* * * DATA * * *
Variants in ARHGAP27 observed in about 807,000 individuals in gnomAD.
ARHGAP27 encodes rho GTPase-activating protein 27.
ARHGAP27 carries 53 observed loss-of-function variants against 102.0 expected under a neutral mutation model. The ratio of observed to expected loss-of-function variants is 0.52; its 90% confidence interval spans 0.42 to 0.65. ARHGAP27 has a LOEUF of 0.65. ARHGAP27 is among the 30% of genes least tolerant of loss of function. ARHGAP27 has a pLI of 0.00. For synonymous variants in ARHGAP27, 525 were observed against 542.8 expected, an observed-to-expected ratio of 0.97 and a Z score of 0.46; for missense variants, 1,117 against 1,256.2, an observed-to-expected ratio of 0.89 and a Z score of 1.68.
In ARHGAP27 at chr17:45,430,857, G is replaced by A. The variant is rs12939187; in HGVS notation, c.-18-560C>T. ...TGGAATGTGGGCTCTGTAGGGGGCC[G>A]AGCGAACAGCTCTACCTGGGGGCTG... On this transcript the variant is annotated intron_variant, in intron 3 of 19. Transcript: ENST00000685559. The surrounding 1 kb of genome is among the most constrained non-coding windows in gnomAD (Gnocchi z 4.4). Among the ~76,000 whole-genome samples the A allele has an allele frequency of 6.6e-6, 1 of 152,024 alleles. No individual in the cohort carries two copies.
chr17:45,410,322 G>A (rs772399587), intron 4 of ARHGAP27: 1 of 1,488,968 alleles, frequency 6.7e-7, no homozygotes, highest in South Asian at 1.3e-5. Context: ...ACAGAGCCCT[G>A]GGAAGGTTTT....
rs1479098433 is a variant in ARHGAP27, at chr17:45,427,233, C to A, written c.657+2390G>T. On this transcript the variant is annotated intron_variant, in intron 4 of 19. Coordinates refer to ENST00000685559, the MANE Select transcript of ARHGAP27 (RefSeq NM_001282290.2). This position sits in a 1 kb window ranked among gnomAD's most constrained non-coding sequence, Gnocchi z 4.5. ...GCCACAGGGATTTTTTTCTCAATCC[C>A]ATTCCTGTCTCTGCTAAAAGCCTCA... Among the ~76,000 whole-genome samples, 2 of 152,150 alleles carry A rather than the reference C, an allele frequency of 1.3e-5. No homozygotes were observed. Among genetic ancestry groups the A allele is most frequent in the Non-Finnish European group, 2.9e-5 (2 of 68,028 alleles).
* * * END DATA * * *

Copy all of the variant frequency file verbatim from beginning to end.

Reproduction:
Variants in ARHGAP27 observed in about 807,000 individuals in gnomAD.
ARHGAP27 encodes rho GTPase-activating protein 27.
ARHGAP27 carries 53 observed loss-of-function variants against 102.0 expected under a neutral mutation model. The ratio of observed to expected loss-of-function variants is 0.52; its 90% confidence interval spans 0.42 to 0.65. ARHGAP27 has a LOEUF of 0.65. ARHGAP27 is among the 30% of genes least tolerant of loss of function. ARHGAP27 has a pLI of 0.00. For synonymous variants in ARHGAP27, 525 were observed against 542.8 expected, an observed-to-expected ratio of 0.97 and a Z score of 0.46; for missense variants, 1,117 against 1,256.2, an observed-to-expected ratio of 0.89 and a Z score of 1.68.
In ARHGAP27 at chr17:45,430,857, G is replaced by A. The variant is rs12939187; in HGVS notation, c.-18-560C>T. ...TGGAATGTGGGCTCTGTAGGGGGCC[G>A]AGCGAACAGCTCTACCTGGGGGCTG... On this transcript the variant is annotated intron_variant, in intron 3 of 19. Transcript: ENST00000685559. The surrounding 1 kb of genome is among the most constrained non-coding windows in gnomAD (Gnocchi z 4.4). Among the ~76,000 whole-genome samples the A allele has an allele frequency of 6.6e-6, 1 of 152,024 alleles. No individual in the cohort carries two copies.
chr17:45,410,322 G>A (rs772399587), intron 4 of ARHGAP27: 1 of 1,488,968 alleles, frequency 6.7e-7, no homozygotes, highest in South Asian at 1.3e-5. Context: ...ACAGAGCCCT[G>A]GGAAGGTTTT....
rs1479098433 is a variant in ARHGAP27, at chr17:45,427,233, C to A, written c.657+2390G>T. On this transcript the variant is annotated intron_variant, in intron 4 of 19. Coordinates refer to ENST00000685559, the MANE Select transcript of ARHGAP27 (RefSeq NM_001282290.2). This position sits in a 1 kb window ranked among gnomAD's most constrained non-coding sequence, Gnocchi z 4.5. ...GCCACAGGGATTTTTTTCTCAATCC[C>A]ATTCCTGTCTCTGCTAAAAGCCTCA... Among the ~76,000 whole-genome samples, 2 of 152,150 alleles carry A rather than the reference C, an allele frequency of 1.3e-5. No homozygotes were observed. Among genetic ancestry groups the A allele is most frequent in the Non-Finnish European group, 2.9e-5 (2 of 68,028 alleles).